Competition Among Proprietary and Open-Source Software Firms: The Role of Licensing on Strategic Contribution
Management Science, 2021, 67(5), 3041-3066.
83 Pages Posted: 7 May 2020 Last revised: 9 Jul 2021
Date Written: March 16, 2020
In enterprise software markets, firms are increasingly using services-based business models built on open-source software (OSS) to compete with established, proprietary software firms. Because thirdparty firms can also strategically contribute to OSS and compete in the services market, the nature of competition between OSS constituents and proprietary software firms can be complex. Moreover, their incentives are likely influenced by the licensing schemes that govern OSS. We study a three player game and examine how open-source licensing affects competition among an open-source originator, open-source contributor, and a proprietor competing in an enterprise software market. In this regard, we examine: (i) how quality investments and prices are endogenously determined in equilibrium, (ii) how license restrictiveness impacts equilibrium investments and the quality of offerings, and (iii) how license restrictiveness affects consumer surplus and social welfare. Although some in the open-source community often advocate restrictive licenses such as GPL, because it is not always in the best interest of the originator for the contributor to invest greater development effort, such licensing can actually be detrimental to both consumer surplus and social welfare when it exacerbates this incentive conflict. We find such an outcome in markets characterized by software providers with similar development capabilities yet cast in favor of the proprietor. On the other hand, when either these capabilities become more dispersed or remain similar but tilt in favor of open-source, a more restrictive license instead encourages greater effort from the OSS contributor, leads to higher OSS quality, and provides a larger societal benefit.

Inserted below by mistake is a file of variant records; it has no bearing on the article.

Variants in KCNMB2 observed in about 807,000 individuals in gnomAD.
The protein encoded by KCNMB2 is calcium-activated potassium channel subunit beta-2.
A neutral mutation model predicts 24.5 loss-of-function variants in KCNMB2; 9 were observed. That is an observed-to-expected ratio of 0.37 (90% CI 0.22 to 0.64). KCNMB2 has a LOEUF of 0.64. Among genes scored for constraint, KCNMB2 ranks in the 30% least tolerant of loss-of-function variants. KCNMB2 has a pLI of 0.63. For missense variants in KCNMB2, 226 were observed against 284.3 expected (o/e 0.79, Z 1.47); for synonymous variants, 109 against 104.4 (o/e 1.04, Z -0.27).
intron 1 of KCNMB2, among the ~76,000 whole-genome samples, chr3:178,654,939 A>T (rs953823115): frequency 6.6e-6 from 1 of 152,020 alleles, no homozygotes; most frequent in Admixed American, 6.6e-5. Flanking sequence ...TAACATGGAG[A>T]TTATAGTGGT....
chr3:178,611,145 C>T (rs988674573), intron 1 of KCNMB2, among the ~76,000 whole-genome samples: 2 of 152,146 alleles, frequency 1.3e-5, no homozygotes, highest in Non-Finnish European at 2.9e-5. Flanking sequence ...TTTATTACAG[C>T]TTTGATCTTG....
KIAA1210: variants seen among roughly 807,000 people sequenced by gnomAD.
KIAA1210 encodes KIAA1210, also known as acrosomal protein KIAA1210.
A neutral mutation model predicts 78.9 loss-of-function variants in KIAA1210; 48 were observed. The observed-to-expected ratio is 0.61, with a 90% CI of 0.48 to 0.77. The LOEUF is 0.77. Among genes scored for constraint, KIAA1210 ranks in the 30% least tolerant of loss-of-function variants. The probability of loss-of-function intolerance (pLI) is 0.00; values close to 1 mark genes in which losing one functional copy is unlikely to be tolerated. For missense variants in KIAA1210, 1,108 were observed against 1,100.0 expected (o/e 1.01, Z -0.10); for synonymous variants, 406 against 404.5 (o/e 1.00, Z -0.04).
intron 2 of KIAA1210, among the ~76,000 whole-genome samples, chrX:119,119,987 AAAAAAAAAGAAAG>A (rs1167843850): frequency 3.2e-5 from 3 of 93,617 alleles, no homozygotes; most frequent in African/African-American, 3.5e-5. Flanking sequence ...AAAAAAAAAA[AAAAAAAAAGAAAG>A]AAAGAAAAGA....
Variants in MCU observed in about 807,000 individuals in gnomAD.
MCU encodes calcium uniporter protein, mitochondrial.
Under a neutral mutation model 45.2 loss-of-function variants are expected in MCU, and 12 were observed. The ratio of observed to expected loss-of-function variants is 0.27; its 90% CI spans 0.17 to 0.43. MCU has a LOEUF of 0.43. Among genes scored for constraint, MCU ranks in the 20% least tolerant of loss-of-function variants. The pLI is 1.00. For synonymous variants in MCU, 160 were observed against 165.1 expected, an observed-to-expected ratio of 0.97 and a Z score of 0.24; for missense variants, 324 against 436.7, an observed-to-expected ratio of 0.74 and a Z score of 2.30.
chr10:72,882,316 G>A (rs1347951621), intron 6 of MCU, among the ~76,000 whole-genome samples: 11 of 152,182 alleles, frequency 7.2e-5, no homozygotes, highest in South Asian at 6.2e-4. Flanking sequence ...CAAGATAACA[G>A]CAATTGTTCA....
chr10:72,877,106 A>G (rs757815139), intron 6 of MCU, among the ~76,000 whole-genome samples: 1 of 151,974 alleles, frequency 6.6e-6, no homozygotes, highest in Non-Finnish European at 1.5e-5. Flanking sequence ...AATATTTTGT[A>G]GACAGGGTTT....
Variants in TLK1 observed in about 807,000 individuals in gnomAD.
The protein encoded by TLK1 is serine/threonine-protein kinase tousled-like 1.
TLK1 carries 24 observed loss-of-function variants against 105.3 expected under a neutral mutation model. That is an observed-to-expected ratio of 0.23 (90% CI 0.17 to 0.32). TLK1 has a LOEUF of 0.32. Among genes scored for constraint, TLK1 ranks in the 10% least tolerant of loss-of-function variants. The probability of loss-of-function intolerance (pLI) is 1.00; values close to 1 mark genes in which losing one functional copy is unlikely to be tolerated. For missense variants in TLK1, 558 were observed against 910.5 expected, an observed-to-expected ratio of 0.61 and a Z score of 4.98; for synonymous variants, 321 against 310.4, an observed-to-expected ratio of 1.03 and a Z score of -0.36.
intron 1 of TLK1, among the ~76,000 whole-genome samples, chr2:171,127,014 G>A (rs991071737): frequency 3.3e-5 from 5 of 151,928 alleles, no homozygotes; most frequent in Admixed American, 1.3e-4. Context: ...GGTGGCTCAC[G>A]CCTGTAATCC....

Keywords: Open-source software, software competition, licensing, collaborative development, co-creation, product quality, software services market, strategic contributions to open-source software
JEL Classification: L13, L17, L86, O34, C72, D43, D45
Suggested Citation: Suggested Citation